Jean Paulhan inspired Histoire d’O, when he remarked that no woman could ever write a truly erotic novel. Aury decided to try her hand, both as a literary challenge and in the hope that it would rekindle their long-standing affair. John de St Jorre reminds us, ‘She was in her mid-forties at the time, and Paulhan was almost seventy. It was both a private document of their passion and une enterprise de séduction, designed to ensnare—her word—a highly sophisticated man. “What could I do?,” she proffered, “I couldn’t paint, I couldn’t write poetry. What could I do to make him sit up?”
When John de St. Jorre asked Dominique Aury about the second ending in Story of O Aury shrugged her shoulders, admitting, “I didn’t know how to end it…” Seeing that Sir Stephen was about to leave her, O prefers to die, and Sir Stephen gives his consent. “To be killed by the person you love” considered Aury, “seems to me the height of rapture… Hell is everyday life, when you are alone.”
“Isn’t what we call eroticism this vertiginous desire to be swallowed up… the attraction toward Death?” asked Peraldi. “Was not O using Rene and Sir Stephen…” asked Aury, “to achieve the fulfillment of her dreams, in other words her destruction, her death?”
Gregory Stephenson has described Aury’s writing as celebrating, “passionate, obsessional, self-annihilating love.” – “Passion is a serious matter”, Aury pointed out to Jacqueline Domornex, “I find there are worse things than death…”
In November 1960 under the name Dominique Aury (her favoured pseudonym, real name Desclos) Aury allowed publication of several of her poems in the Nouvelle Revue Francaise. “Dreams” invite the reader once again to advance into her night of troubled passion;
We walk on a river bank
Upon a narrow tow-path
On the edge of a new dyke
On the high steps of a dam
As far as the plain where great trees
Are reflected in the black waters
As far as the meads where marble gleams
In silence and despair
And I cry without a cry without a word
For night has reclaimed you
The floods have cut the paths
Ah, might I be carried off in the flotsam
If death in Maria’s poem is offered as a gift, a present of nostalgia, a time regained, then the death which O in Story of O requests and is granted at the end of the story is something a little more problematical. After a giving so all-embracing the result of which is the complete emptying out of the self, – O has become a negation, – O welcomes death as the end result of freedom in slavery.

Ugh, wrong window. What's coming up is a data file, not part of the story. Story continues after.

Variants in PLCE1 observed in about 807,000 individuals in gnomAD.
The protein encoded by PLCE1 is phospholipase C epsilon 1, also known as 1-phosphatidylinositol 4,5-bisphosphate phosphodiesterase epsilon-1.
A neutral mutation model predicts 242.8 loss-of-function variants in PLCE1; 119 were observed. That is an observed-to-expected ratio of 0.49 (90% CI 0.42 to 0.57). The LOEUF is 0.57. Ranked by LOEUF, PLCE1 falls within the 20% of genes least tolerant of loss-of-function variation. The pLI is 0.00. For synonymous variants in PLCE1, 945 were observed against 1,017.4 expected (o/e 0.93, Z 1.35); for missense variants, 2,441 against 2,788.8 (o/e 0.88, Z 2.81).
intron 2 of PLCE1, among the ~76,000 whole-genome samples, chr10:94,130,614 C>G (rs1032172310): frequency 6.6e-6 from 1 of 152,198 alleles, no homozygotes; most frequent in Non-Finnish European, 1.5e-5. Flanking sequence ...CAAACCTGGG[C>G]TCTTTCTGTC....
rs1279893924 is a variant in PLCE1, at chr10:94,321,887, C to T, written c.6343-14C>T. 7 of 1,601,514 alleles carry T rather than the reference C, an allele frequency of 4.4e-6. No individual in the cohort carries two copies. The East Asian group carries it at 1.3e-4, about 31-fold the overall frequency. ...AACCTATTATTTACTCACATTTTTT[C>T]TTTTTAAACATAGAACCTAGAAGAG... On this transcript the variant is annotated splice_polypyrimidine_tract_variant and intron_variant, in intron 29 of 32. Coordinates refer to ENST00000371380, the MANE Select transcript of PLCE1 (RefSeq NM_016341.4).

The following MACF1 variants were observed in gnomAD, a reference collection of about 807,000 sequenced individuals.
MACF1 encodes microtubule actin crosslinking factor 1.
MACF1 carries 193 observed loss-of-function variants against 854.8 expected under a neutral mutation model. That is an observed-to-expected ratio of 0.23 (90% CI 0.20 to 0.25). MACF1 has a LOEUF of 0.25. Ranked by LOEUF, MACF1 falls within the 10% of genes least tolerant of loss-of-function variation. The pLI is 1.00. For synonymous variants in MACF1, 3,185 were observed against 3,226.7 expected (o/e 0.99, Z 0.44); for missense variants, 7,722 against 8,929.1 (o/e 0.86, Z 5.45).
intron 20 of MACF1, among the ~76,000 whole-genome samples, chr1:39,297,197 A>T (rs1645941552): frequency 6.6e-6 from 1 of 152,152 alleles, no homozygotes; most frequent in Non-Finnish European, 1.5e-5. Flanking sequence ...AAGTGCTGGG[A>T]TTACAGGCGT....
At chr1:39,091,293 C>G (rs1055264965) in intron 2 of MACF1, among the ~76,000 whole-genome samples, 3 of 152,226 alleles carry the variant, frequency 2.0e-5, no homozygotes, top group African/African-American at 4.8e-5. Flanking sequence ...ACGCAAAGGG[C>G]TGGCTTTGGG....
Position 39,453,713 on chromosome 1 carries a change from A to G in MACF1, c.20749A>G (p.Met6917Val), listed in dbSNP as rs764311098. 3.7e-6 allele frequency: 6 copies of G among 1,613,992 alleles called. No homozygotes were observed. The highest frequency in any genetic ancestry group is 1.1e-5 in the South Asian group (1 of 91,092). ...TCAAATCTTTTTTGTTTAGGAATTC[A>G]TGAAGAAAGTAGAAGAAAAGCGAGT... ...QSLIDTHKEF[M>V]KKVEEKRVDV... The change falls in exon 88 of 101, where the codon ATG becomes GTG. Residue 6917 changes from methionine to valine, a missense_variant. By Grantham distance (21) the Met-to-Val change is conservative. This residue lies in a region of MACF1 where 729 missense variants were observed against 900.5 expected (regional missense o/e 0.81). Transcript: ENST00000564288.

Does Aury over step the mark? Does she take O’s slavery too far? George Bataille thought Histoire d’O contained “the impossible aspect of eroticism”, in that, “O’s paradox is similar to that of the visionary who dies of not dying…” In one of the few reviews which heralded the publication of Histoire d’O Bataille concluded, “This book reaches beyond the word, breaks out of its own bonds, dispels any fascination for eroticism by revealing the greater fascination exerted by the impossible. What is impossible here is not only death, but total and absolute solitude…” Certainly the mask that was Pauline Réage attained a certain solitude but what mostly comes across from the Aury voice in interview is her passion and deep commitment in loving. And yet the madness of O’s complete giving and ultimate giving up to death, Susan Sontag reminds us, “should not be understood as a by-product of her enslavement to Rene, Sir Stephen, and the other men at Roissy, but as the point of her situation, something she seeks and eventually attains.” This “voluptuous yearning for the extinction of one’s consciousness, for death itself” puts Histoire d’O on a level few books occupy. “What Story of O unfolds is a spiritual paradox,” Susan Sontag maintains, “that of the full void and of the vacuity that is also a plenum. The power of this book lies exactly in the anguish stirred up by the continuing presence of this paradox.”
Readers return again and again to Histoire d’O to share in this paradox, a mystery which invites the reader to experience sexual feelings strong enough to make a person feel he is losing his ‘self’, an invitation perhaps, to desire the impossible.
Stephan hails from Essex, UK, where he was born in 1952. His family were all East End Londoners with a mixture of Irish, Dutch and Jewish blood. He is known for his paintings inspired by Story of O and his comprehensive website. A one time erotica bookseller at the London Fetish Fair, Stephan has exhibited his paintings at EROTICA (Olympia, London), Skin Two Expo (Barbican, London) and fetish clubs and galleries across the UK.